Walking A Day In A Firefighter’s Shoes

Los Alamos Daily Post Reporter Kirsten Laskey, center, with other participants during the LAFD’s Firefighter for a Day program. LAFD/Courtesy
Los Alamos Daily Post

It’s amazing what can be learned when you put your feet in another person’s shoes. Particularly if those shoes are thick-soled, rubber black boots. Just trying to shove your feet down into them requires a good deal of stamina. Once your feet fit in, however, where those shoes can take you will astound and amaze.

Early Saturday morning about 20 people ranging from laboratory employees and County Councilors to Los Alamos Public School administrators and members of the local media all got the opportunity to strap on a pair of boots and receive a glimpse of what life is like for a Los Alamos firefighter.

The Los Alamos Fire Department held its first citizen Firefighter for a Day event at the training facility at Station 2 on DP Road.

Fire Chief Troy Hughes said the idea was inspired by a similar program held by the Albuquerque fire department. The hope is to continue the program and invite more community members to walk in firefighters’ shoes.

A large group of LAFD personnel including administrators, captains and others volunteered their time to share their knowledge, equipment and gear with participants. Citizens were divided into groups and guided through six stations: EMS code, hazmat, vehicle extrication, high angle rescue, smoke and rescue and wildland.

Participants crawled around on hands and knees in a dark room hazy with thick faux smoke and slick with water, trying to locate and drag out dummies from the “burning” building. They were encased in giant neon yellow hazmat suits, resembling, as one firefighter put it, SpongeBob SquarePants. They learned just how much weight a firefighter hauls while battling wildfires. Not to mention that beef jerky and peanut butter and jelly frozen snack sandwiches are great provisions.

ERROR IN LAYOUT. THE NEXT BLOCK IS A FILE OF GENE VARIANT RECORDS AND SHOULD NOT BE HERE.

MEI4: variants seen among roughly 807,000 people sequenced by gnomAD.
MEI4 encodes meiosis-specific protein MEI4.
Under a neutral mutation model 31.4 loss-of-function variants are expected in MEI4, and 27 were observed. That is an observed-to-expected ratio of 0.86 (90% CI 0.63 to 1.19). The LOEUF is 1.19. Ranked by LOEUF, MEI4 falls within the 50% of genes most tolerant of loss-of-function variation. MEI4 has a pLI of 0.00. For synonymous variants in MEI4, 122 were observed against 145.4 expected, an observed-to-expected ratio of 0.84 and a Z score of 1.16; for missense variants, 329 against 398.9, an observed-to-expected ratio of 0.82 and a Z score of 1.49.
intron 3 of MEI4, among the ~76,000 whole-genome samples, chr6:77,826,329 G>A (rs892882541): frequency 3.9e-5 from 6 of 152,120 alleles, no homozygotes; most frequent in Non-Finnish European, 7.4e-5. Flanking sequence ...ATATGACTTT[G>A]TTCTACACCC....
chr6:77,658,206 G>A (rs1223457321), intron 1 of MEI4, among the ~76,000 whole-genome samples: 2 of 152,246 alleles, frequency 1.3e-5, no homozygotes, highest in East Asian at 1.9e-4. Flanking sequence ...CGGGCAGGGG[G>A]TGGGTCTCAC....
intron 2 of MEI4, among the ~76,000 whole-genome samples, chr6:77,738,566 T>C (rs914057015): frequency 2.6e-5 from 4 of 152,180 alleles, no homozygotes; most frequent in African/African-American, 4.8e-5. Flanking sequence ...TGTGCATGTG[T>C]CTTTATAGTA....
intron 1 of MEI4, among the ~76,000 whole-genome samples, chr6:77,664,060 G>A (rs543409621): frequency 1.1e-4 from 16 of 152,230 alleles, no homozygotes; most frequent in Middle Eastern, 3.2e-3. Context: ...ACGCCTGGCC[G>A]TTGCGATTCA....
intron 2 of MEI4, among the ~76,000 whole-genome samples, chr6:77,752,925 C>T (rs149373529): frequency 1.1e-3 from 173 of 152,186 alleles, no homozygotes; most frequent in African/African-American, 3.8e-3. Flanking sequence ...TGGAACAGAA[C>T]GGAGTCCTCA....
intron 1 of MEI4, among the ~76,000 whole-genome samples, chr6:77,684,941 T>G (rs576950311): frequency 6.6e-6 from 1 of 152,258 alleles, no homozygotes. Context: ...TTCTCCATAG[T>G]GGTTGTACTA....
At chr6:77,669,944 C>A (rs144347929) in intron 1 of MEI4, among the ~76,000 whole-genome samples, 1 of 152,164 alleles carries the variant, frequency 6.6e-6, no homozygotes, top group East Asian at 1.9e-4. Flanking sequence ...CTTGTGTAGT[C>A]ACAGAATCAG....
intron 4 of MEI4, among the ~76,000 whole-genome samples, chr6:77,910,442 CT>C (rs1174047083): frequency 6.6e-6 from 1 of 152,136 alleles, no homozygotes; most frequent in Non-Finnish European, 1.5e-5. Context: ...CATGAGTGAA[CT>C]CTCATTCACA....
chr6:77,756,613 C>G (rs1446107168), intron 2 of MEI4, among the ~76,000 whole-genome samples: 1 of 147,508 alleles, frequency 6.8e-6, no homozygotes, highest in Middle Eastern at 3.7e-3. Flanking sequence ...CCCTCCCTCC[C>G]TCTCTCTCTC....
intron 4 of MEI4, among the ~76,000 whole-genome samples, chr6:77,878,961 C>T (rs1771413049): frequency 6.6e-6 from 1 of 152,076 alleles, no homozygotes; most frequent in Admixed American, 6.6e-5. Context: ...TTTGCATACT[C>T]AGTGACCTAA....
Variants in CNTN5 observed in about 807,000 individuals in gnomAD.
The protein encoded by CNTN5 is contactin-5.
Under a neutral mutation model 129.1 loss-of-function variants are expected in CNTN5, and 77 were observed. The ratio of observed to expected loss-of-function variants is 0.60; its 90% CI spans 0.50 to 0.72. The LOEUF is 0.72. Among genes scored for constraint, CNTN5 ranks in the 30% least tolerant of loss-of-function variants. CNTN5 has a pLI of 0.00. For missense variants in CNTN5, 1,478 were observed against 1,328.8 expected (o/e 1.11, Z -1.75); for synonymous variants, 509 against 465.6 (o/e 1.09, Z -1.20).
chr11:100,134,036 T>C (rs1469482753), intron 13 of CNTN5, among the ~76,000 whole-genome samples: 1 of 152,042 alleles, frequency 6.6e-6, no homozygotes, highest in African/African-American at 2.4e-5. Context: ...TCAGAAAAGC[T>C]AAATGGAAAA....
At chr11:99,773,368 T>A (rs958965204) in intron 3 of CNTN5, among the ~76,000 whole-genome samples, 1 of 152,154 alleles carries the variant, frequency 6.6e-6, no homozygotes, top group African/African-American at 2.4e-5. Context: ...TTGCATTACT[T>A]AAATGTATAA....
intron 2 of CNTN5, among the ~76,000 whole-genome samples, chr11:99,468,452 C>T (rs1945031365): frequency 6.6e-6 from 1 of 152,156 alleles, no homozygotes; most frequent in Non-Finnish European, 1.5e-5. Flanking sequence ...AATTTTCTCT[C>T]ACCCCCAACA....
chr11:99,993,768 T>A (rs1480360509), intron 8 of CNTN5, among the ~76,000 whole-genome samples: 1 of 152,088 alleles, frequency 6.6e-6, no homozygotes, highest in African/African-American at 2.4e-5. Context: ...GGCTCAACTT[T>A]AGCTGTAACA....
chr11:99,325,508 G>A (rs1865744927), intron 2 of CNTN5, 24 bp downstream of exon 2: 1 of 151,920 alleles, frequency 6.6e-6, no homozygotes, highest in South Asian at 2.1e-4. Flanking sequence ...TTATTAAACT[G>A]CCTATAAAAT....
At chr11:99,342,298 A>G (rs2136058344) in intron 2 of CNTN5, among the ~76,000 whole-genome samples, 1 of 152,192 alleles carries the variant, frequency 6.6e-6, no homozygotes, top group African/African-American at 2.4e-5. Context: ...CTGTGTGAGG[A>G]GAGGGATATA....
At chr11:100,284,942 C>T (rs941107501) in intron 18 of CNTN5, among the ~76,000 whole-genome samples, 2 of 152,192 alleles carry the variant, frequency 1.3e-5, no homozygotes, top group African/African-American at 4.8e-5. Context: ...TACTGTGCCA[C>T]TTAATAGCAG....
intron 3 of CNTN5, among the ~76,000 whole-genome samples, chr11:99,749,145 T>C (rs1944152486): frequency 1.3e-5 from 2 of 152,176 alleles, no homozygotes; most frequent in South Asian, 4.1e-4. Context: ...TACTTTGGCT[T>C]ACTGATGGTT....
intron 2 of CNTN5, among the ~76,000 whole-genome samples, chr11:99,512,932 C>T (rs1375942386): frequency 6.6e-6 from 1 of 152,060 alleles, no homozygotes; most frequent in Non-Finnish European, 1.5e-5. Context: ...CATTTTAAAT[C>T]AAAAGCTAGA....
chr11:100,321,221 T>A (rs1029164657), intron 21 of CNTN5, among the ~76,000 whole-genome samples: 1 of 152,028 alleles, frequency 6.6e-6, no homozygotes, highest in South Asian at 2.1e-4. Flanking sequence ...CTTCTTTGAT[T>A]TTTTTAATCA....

As one of the participants, I learned firefighting is really tough. Trying to wriggle into and out of the gear alone is hard work. Even more than that, you must be alert, think quick, work as a team.

Just like everyone else, I always respected firefighters but shoving on and walking around in those boots deepened that admiration and respect. I discovered the scale of what is required of them and what they accomplish is far more than anything I ever imagined.

By the end of the program, when I shucked the boots off for good, I felt awestruck by what had been revealed and a little sentimental. It is a true honor when someone shares a piece of their work with you and invites you to walk a little while in their shoes.


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